Bill, the only coverage I saw post-gathering was in the Washington Post, where we got the half of p. 3 in Metro, above the fold. We were not relegated to the Religion section nor was there any commentary therein thereupon, unfortunately.
Despite no media pre-gathering paper anything, only Internet, we got about 2-3000 demonstrators/marchers and, they said, about 60 people brandishing what seemed to me to be mostly my-god-hates-you banners. Their banners were big, and they looked way more organized than we were.
The Atheist Alliance was handing out signs so I got one that said E Pluribus Unum, which I traded with a comarcher for Uppity Atheists Unite, as the spirit struck each of us. My favorite sign: What our schools need is a moment of SCIENCE. Other good ones included Don't Pray In My School And I Won't Think In Your Church, One Nation Under God = Afghanistan/Iran etc., Falwell=Taliban... Libertarian, you were there, what else was there?
We had some very good speakers. There was the woman running the show who said it was high time to form some kind of political action thingie and get our voices out there, after all there are approx. 10x as many atheists/people of no religion as there are jewish people in this country, not to mention (naming all the protestants we outnumber, like Episcopalians), as well as the Wiccans and others whom the right doesn't consider religious enough anyway... there was a pediatrician who was tired of his patients dying while their parents prayed. There was a soldier who was tired of hearing about their being no atheists in foxholes (which I think is taken out of context here) and who asked for thoughts but please no prayers for our wo/men in uniform today. There was a woman whose sister preferred trying to live a secular, intelligent life in a theocracy rather than emigrating and, after beating her head against that particular brick wall, immolated herself. Burned herself to death while conscious. I am not that political, but then again, I'm already here.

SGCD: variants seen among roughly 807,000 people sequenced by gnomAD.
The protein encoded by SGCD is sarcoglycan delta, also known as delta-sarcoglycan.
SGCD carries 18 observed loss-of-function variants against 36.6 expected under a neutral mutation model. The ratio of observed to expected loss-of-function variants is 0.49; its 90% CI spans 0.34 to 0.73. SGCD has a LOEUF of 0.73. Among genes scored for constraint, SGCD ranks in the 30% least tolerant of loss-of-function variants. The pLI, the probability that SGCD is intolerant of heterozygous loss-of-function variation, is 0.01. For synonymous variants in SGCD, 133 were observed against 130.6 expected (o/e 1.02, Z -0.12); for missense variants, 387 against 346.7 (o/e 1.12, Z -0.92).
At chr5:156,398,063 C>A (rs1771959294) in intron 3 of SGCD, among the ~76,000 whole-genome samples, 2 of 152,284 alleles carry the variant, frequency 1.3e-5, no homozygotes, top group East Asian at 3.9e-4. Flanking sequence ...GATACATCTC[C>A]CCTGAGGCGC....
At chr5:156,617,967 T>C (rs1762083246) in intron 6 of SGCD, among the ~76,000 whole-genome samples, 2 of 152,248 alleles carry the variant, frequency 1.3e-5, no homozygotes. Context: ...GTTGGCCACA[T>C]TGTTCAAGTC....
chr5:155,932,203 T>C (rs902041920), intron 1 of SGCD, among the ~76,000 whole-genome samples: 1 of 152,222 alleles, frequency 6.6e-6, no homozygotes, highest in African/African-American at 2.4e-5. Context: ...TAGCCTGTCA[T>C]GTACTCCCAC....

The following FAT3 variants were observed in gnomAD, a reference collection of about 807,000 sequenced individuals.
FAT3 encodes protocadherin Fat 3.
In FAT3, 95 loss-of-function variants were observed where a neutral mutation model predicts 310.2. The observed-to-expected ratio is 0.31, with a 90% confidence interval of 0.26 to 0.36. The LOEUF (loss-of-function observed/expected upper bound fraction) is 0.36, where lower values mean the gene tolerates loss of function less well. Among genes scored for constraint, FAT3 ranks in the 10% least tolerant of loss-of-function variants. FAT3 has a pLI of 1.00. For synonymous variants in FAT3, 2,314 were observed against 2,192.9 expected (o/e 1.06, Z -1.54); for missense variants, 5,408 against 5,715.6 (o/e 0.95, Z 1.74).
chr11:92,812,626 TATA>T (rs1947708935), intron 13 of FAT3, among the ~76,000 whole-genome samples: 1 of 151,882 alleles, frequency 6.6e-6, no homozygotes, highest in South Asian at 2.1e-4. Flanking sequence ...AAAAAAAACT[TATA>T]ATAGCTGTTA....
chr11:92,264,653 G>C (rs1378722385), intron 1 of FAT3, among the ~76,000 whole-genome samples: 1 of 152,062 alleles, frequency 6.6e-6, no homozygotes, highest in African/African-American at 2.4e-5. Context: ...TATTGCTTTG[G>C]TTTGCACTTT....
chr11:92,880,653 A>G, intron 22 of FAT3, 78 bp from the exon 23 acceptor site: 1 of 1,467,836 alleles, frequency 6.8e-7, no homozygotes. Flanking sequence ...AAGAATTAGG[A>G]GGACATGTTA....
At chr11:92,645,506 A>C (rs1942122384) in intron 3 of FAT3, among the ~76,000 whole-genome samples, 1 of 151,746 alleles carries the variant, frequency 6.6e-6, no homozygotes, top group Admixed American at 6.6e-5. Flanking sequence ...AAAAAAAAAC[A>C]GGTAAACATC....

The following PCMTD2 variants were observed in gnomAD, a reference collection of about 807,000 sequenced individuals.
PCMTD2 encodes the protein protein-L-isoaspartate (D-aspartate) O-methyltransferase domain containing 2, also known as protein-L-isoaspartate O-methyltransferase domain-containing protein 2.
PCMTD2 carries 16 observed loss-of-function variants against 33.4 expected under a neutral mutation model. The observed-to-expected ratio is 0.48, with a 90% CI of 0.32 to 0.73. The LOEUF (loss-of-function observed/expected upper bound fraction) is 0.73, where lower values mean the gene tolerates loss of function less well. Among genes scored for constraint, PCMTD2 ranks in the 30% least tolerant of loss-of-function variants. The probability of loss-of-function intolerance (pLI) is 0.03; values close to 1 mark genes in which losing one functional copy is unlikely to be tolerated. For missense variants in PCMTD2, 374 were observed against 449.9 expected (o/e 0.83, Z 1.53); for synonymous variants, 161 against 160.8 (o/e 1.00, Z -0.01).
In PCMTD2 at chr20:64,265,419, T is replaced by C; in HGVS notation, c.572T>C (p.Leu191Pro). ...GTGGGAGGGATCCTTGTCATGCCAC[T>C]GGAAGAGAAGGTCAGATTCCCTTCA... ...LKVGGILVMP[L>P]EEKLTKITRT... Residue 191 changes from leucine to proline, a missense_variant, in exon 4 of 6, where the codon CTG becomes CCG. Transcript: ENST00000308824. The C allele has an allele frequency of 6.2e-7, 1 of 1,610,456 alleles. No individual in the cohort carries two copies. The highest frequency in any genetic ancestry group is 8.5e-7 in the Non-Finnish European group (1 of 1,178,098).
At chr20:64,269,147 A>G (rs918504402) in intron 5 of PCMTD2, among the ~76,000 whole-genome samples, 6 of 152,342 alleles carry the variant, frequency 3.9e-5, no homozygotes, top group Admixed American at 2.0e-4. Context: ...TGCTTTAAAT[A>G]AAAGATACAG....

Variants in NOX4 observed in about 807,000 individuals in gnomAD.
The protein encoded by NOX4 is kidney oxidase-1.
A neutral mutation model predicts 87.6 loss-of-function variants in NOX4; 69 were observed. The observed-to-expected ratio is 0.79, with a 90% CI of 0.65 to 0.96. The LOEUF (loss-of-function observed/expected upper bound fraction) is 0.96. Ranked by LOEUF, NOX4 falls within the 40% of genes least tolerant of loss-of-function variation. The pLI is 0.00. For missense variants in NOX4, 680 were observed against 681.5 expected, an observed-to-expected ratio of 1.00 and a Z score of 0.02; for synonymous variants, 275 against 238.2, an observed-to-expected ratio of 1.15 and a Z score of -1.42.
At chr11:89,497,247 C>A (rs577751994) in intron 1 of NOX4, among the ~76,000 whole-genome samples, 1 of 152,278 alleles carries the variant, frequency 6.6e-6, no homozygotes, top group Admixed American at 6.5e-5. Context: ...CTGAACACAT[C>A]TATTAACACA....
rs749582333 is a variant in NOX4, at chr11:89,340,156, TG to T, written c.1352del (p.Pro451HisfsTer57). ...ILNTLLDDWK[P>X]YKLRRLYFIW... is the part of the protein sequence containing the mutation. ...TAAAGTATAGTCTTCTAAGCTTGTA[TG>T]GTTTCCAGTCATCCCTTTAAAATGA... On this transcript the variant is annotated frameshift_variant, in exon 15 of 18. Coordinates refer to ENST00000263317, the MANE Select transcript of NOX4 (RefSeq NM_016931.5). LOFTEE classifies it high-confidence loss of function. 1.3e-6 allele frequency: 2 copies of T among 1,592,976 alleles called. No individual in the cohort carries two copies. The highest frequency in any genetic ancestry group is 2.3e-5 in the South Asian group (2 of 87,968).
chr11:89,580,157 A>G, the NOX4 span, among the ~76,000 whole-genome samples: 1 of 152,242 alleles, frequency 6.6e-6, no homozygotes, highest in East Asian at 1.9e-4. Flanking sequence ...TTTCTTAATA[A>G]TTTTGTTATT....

The general points that seemed to need to be made were made: There are a lot of us (aka there are a lot more of us than you think), We should not put up with the denial of that any longer / We should come out of the closet, and We are not by definition immoral. Those are the positive points.
The negative points about the dangers of religion were also made, but fittingly, were not stressed: failure to believe in the supernatural is not unintelligent in the face of modern knowledge, that the name of gods more horrors are committed upon people who speak the names of other gods than have hitherto been attempted in human history, and so on.
Why do I say that it was fitting? This was the march of the godless, not the anti-god-brandishing.
Plus, it was so much FUN! We had a beautiful day, we were reasoned and interested in each other and argued from the brain, and it was uplifting as all getout. Thousands of like-minded intelligent and, unfortunately I thought, lilywhite group. Diverse we were not, unless you count age, socioeconomic status, and gender. There were people from 5 months to what looked like 500 years old, with and without piercings, with and without unusual length/amount of hair, with and without makeup or jewelry or ironing... but I saw hardly anybody whose main continent of ancestry wasn't Europe.